My online French teacher told me that it was OK, and that means it is true.

She said that learning a foreign language can take whatever form I like – and so, with a staggeringly unoriginal non-deviation from my usual routine, I used this as an opportunity to listen to lots of French language bands.

So imagine my slight disappointment when I later discovered that this is recognised as a great way to learn. That’s not fair! I’m trying to be different, OK, not one of the herd.

Still, before I abandoned this approach as – pah!entirely uncool, I discovered Leyli, whose delightfully decompressed tilt at songwriting calmed my ire to the point of horizontality.

Leyli // Le Bout De Ses Doits

Le Bout De Ses Doits begins at a relaxed pace and slows down as the song progresses. By the end it is barely there, a soft, slight shuffle. Perhaps this is the perfect music for falling to sleep to.

Beauty manifests itself in all sorts of forms, and is experienced by different people in different ways, but when a song like this pokes us in the eye and demands your attention so, a soft sigh is universally exhaled.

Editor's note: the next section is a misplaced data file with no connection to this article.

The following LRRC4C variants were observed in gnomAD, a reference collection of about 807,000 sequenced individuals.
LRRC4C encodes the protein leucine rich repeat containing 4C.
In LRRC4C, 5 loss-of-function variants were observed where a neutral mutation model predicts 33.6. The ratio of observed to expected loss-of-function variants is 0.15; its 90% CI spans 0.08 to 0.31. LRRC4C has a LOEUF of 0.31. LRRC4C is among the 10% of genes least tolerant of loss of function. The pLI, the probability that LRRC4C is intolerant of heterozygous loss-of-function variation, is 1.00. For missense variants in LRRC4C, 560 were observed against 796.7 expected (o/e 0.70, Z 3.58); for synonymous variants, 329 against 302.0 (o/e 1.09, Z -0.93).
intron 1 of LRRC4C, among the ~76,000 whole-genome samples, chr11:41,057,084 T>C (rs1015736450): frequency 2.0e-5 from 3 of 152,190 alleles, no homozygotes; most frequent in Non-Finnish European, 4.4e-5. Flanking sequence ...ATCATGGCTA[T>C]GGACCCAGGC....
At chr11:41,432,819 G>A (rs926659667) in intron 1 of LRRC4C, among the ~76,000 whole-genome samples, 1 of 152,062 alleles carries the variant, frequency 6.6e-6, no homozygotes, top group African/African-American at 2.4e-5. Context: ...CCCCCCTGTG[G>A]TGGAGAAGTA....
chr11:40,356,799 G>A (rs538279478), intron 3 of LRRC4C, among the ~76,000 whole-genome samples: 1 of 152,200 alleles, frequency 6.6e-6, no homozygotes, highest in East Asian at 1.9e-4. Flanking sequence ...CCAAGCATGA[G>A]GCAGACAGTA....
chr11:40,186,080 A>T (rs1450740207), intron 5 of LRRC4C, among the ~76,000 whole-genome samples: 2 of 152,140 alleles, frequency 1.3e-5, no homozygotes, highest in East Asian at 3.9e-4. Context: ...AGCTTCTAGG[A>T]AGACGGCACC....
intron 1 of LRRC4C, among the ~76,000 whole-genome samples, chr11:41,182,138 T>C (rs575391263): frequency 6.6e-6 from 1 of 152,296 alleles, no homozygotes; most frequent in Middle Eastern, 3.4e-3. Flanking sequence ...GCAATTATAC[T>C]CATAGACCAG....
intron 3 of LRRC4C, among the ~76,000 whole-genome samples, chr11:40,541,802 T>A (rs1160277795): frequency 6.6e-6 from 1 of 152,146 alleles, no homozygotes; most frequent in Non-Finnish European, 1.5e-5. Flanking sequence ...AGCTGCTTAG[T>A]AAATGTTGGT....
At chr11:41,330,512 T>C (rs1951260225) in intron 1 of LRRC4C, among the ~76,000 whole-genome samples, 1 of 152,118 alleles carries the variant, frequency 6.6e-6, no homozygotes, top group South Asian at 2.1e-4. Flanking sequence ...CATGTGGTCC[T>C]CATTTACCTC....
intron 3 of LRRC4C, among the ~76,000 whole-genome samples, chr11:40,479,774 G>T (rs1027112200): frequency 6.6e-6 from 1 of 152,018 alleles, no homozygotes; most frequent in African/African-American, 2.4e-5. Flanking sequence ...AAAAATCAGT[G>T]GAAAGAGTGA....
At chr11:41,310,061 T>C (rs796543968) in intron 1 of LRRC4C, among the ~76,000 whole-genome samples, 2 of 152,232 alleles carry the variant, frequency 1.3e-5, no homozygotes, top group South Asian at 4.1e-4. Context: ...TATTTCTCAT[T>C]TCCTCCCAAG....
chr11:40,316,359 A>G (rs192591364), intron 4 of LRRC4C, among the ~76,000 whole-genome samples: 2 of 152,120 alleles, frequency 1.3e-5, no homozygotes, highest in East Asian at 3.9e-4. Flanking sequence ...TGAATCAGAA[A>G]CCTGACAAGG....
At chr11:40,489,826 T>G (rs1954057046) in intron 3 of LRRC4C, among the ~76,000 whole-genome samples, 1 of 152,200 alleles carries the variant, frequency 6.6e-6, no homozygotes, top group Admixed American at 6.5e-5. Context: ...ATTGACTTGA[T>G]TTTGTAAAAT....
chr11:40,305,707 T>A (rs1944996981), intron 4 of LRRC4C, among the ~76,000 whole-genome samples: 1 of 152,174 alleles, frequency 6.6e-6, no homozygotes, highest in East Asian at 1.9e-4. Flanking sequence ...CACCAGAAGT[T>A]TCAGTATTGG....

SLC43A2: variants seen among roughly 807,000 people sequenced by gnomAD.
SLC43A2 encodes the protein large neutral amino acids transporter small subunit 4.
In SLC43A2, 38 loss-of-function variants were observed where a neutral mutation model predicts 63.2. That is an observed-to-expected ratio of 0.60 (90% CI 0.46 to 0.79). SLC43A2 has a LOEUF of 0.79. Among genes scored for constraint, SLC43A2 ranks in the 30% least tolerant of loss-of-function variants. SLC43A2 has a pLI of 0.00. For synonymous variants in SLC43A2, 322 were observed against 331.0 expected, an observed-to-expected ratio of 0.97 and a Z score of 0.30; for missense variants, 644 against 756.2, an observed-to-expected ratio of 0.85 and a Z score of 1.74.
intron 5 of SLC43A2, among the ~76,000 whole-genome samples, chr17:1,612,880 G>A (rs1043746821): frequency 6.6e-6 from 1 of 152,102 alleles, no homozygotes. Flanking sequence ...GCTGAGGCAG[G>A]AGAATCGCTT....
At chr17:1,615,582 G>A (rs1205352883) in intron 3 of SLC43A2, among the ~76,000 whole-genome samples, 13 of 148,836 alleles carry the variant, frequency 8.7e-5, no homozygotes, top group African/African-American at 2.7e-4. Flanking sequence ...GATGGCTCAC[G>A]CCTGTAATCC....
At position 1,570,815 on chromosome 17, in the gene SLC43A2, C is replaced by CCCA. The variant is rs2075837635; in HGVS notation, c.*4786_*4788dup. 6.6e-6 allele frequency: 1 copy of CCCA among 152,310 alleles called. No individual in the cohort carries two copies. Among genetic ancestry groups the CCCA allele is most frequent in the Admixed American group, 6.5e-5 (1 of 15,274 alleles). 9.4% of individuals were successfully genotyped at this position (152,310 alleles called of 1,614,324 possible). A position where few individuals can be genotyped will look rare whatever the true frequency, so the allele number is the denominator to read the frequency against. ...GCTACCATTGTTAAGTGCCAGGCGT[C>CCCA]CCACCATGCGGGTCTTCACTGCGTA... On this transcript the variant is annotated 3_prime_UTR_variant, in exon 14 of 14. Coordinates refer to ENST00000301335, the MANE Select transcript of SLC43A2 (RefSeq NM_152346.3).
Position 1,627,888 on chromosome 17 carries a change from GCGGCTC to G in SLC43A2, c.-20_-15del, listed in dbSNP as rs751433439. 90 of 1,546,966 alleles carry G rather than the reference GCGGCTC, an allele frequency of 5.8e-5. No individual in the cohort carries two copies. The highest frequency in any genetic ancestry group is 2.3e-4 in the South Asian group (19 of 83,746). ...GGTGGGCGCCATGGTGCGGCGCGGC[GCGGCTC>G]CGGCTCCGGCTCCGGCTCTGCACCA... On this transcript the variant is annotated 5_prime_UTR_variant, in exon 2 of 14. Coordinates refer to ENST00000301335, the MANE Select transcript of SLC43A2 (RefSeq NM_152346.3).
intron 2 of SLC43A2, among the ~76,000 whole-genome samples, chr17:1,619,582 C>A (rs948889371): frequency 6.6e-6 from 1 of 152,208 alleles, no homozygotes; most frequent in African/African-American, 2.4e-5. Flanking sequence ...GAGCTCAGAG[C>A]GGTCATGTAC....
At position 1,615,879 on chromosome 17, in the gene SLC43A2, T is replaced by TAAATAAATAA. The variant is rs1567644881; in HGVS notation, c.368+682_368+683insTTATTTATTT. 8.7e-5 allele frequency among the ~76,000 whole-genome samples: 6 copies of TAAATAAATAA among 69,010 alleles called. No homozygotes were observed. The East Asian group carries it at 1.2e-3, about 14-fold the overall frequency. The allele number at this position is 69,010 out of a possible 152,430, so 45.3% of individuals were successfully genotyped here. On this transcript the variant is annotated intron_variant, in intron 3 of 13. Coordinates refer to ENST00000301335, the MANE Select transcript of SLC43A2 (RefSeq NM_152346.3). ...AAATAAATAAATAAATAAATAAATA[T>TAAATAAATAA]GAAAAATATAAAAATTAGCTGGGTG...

Leyli have discovered the secret of musical minimalism – not in the Deep Bolivian House kind of way, but in the careful dispersal of just enough gentle sound to allow songs like Le Bout De Ses Doits to infiltrate the gap between consciousness and semi-consciousness, and permeate your very being with calm.

Relax – and remember: every day is a school day, if you want it to be.


Foreign Office, Johnny Hates Jazz and Balls The Size Of Citrus Fruit

You have to marvel at the chutzpah of some French bands. Either they have balls – or brains – the size of oranges.

The new Kavinsky record takes all the unwanted bits of dreadful 80’s synth-pop and – via alchemy, magic or satanic influence, I’m not sure – has produced a record of languid, neon-lit sexiness.

Embracing the drab and underwhelming past, as bands like Kavinsky have done, is so utterly daring because the margin of error is so va-a-a-a-a-ast.

And yet, listen – the resultant music is as new and beautifully brassy as, you’d like to believe, music could ever be. Enter, poised, and just at the right moment, Foreign Office.

Their song Leaving The House is the result of what would seem to be suicide mission back to the 1980s of Johnny Hates Jazz and Big Country. Remarkably they emerge not only unscathed, but victorious, clutching a song of unusual charm, wit and splendour.

It must have been a long time since those words have been used to describe a song that brazenly brandishes slap-bass, super-soft synths and oil-slick-shiny production as its weapons of choice.